I know I’m going to catch flak for this, but Tom Steyer’s tie is growing on me. And I want to be unequivocal: it is completely inappropriate for a presidential debate and he should not be wearing it on the stage. But as a stand-alone choice, what Steyer gets right is that he knows who he is dressing: Tom Steyer, a man who looks like he sauntered out of a Norman Rockwell painting with a folksy grin and an unmemorable face. And think about it, would you even know who Steyer was if not for that fucking tie? That being said, there are far better ways he could stand out amongst a sea of solid reds and blues that wouldn’t look like a 14-year-old boy on Christmas: a subtle geometric pattern, even a faint paisley or floral might work, hell, even a more muted plaid. Otherwise, Steyer’s look is unexceptional and mostly acceptable. His suit jacket usually fits decently, albeit a little on the larger, more classic side, which clashes a bit with the narrowness of his tie. And like everyone else on stage in a blue shirt, he should opt for a white one.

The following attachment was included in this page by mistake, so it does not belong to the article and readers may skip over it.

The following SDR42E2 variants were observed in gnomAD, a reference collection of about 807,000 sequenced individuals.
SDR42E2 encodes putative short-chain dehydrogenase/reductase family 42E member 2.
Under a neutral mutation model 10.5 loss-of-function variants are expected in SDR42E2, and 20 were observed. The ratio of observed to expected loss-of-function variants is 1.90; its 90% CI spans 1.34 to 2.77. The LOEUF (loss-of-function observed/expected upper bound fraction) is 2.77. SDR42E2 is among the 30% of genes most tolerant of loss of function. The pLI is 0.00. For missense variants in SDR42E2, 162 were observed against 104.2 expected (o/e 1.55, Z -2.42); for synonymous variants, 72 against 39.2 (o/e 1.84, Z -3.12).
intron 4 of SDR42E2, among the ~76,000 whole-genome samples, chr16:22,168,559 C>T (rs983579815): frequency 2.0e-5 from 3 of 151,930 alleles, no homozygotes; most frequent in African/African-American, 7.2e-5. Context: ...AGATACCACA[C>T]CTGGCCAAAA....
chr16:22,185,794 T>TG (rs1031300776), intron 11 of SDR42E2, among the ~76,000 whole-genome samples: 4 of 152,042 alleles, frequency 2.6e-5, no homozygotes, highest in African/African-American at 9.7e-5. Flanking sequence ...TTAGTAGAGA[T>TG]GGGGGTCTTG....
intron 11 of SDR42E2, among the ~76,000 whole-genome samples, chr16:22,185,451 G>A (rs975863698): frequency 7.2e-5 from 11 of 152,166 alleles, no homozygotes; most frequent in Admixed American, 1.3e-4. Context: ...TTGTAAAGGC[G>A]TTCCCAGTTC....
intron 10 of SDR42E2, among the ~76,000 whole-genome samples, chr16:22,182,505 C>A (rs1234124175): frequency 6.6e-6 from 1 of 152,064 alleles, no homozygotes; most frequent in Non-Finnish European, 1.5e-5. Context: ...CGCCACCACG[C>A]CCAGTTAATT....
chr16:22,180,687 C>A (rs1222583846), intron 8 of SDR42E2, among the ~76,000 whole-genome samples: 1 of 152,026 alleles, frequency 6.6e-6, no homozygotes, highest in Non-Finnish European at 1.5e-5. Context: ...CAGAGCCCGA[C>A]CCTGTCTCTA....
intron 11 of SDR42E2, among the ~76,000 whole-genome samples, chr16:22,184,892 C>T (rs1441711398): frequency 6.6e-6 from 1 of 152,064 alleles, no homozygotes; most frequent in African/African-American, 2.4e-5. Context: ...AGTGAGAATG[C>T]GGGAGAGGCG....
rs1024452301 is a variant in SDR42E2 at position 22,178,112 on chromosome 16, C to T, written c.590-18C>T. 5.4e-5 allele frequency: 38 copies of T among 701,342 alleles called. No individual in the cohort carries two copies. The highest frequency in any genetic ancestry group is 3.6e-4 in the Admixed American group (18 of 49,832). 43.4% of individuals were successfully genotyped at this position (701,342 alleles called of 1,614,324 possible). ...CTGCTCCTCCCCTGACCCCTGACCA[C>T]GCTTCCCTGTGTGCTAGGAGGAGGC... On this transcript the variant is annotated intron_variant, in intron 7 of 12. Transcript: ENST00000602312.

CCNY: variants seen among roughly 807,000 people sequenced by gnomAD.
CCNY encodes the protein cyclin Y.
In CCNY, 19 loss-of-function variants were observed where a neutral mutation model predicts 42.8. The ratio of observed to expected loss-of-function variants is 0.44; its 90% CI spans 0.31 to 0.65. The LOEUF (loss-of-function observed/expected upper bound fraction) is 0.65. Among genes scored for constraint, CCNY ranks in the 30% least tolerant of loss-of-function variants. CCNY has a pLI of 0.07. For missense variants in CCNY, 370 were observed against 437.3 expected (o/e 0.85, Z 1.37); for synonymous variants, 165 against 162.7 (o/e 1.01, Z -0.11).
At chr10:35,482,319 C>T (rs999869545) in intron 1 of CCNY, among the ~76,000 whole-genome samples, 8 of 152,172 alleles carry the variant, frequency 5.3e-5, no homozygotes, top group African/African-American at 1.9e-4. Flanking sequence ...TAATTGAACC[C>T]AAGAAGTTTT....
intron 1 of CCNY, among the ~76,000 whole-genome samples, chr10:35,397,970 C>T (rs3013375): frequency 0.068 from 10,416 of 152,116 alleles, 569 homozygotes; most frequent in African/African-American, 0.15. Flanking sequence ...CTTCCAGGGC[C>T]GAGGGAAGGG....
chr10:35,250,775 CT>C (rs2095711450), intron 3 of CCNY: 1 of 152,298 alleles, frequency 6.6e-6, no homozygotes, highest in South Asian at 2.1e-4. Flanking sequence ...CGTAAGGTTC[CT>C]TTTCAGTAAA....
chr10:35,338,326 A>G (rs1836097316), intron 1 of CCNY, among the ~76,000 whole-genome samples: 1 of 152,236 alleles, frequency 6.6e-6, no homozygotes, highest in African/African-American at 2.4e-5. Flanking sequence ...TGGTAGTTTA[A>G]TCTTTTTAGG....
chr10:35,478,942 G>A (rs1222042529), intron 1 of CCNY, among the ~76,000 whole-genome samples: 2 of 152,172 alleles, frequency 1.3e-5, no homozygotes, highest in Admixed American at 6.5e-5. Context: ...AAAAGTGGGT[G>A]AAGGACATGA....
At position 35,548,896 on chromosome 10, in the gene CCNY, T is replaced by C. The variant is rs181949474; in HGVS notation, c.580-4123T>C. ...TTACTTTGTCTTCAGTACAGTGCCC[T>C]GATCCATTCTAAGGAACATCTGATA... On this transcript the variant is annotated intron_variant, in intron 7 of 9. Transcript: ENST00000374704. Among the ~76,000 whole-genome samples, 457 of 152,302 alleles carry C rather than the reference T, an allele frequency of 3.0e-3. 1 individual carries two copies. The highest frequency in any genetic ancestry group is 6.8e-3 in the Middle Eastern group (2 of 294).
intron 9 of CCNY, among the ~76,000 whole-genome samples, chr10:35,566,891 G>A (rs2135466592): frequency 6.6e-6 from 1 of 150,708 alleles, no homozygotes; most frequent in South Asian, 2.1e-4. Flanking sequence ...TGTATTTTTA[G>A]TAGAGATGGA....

Yang’s suits usually fit well. The lapel always looks a little wide and high to me, which makes him look broad in an unflattering way, but the shoulders fit correctly. That being said: he should put a goddamn tie on, or at the absolute very least buy a shirt with a collar that fits. The way his shirt pulls around the top buttoned button drives me up the wall — it makes his whole outfit look poorly executed and it makes me think he has no idea he can buy shirts with varied collar sizes. My guess is the size of his neck makes it hard for him to find one that fits perfectly, but I’m all but certain he can afford a single bespoke shirt to wear for these things, or at the very least a tailor.
The Bloomberg Factor